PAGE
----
Brunner's glands

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Related to Brunner glands: Duodenal glands

Brunner's glands

[′brən·ərz ‚glanz]
(anatomy)
Simple, branched, tubular mucus-secreting glands in the submucosa of the duodenum in mammals. Also known as duodenal glands; glands of Brunner.
References in periodicals archive ?
The key histologic criteria include (1) dilated ducts and pseudocystic changes in the duodenal wall, (2) duodenal submucosal fibrosis extending to the adjacent soft tissue in the groove area and pancreas, and (3) variable Brunner gland hyperplasia forming a thick layer with surrounding smooth muscle and myofibroblastic proliferation.
Characteristics of Groove Pancreatitis Patient population Men > women 40-50 y Alcohol consumption Clinical presentation Severe abdominal pain, mostly epigastric Obstructive symptoms: nausea, vomiting, weight loss Jaundice: rare Imaging: computed tomography Thickened duodenal wall with luminal stenosis Hypodense mass between pancreas and duodenum Cysts Pancreatic duct may be uninvolved Cytology Spindled epithelioid cells with oval nuclei, small nucleoli Background granular/necrotic debris Bland epithelial cells with foamy cytoplasm Histology Fibrosis/scarring Myofibroblastic proliferation Brunner gland hyperplasia Treatment of choice Pancreaticoduodenectomy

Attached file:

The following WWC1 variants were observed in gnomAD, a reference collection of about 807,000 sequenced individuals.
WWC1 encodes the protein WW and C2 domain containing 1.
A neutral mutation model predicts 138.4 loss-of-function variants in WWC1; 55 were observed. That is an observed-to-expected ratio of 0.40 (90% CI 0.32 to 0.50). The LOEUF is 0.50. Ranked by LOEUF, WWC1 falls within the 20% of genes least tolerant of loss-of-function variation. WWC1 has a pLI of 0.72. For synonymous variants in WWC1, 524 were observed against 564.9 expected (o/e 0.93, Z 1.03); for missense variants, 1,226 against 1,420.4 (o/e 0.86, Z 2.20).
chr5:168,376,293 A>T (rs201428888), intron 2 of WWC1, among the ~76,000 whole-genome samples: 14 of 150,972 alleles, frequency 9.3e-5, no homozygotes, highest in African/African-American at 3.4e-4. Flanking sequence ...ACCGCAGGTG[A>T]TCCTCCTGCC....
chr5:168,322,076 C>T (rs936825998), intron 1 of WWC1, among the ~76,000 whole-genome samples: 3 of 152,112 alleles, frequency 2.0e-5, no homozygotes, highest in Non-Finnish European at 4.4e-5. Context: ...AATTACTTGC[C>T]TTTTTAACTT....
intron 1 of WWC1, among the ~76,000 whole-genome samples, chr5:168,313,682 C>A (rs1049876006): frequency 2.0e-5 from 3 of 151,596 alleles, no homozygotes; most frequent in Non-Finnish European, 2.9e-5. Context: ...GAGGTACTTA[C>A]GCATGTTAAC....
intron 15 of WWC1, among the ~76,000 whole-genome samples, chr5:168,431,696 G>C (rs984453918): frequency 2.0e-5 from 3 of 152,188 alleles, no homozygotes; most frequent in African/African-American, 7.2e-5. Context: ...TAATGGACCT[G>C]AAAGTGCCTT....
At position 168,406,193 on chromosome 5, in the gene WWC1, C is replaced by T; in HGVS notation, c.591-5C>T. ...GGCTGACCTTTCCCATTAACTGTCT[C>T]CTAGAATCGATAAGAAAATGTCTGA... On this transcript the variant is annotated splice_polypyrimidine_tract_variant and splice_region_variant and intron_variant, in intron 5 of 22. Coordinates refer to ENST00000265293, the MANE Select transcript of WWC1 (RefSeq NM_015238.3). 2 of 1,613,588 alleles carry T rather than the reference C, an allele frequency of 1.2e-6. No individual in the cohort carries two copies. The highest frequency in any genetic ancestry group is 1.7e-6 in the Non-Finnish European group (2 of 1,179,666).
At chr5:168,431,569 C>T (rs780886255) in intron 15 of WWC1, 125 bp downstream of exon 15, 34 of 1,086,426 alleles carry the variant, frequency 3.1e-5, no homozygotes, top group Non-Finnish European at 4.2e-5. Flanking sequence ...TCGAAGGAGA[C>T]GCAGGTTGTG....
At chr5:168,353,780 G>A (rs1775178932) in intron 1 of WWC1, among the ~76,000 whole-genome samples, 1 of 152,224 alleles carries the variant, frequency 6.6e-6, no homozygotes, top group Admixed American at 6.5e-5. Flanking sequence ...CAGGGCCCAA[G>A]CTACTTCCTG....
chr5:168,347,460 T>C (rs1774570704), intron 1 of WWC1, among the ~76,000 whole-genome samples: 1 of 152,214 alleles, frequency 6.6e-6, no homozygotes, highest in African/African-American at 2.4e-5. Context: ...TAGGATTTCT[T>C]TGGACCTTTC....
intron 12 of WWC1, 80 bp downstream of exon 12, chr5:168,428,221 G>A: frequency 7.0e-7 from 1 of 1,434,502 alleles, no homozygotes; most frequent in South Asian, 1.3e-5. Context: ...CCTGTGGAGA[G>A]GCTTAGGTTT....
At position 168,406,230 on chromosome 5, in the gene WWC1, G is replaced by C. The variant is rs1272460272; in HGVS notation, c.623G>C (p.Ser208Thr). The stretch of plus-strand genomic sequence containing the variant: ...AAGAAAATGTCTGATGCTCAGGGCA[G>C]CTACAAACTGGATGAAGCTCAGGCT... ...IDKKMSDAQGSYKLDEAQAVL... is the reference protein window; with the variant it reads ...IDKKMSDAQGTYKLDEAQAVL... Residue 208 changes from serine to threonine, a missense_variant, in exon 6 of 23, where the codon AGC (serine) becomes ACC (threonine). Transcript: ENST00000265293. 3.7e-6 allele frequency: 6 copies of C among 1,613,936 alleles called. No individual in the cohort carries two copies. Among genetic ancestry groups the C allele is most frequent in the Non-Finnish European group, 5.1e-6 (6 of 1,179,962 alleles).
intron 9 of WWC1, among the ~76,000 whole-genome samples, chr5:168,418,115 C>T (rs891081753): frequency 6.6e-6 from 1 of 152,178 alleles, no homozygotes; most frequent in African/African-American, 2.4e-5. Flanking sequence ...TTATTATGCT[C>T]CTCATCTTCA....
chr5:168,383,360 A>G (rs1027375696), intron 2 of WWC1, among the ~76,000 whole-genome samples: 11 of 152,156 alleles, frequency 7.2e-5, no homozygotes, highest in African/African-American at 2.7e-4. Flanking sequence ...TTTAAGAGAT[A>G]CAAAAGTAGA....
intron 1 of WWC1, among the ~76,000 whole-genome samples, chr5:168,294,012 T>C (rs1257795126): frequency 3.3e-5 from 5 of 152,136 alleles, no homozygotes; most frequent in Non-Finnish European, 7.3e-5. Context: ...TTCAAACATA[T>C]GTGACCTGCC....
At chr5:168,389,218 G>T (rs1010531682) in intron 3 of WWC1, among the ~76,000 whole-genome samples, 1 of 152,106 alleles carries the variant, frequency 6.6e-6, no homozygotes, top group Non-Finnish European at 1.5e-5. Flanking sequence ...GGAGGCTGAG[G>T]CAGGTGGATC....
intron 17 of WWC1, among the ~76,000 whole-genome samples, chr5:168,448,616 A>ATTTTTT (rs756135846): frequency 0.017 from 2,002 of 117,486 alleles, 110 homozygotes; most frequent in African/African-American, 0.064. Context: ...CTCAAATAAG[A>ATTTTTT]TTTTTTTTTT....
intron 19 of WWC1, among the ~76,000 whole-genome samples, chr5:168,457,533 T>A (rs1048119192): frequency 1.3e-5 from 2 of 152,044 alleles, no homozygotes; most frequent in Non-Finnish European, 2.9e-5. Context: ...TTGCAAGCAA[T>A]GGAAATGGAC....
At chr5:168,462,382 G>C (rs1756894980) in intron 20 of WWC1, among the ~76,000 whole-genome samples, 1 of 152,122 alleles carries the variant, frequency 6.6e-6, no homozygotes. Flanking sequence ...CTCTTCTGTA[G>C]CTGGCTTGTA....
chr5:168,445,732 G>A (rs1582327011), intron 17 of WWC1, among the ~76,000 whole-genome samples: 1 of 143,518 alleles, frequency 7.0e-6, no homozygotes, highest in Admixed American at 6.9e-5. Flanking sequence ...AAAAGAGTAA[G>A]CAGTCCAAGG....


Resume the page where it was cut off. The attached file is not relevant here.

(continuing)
Brunner gland hyperplasia first described by swiss physician Johann Conrad brunner.
According to the most prevalent finding, paraduodenal pancreatitis has been reported as Brunner gland hamartoma, as leiomyoma or sarcoma, or as duodenal duplication.
There were also hyperplastic lobules of Brunner gland, lined by cylindrical clear mucinous cells with basal hyperchromatic nuclei (Figures 1 and 2).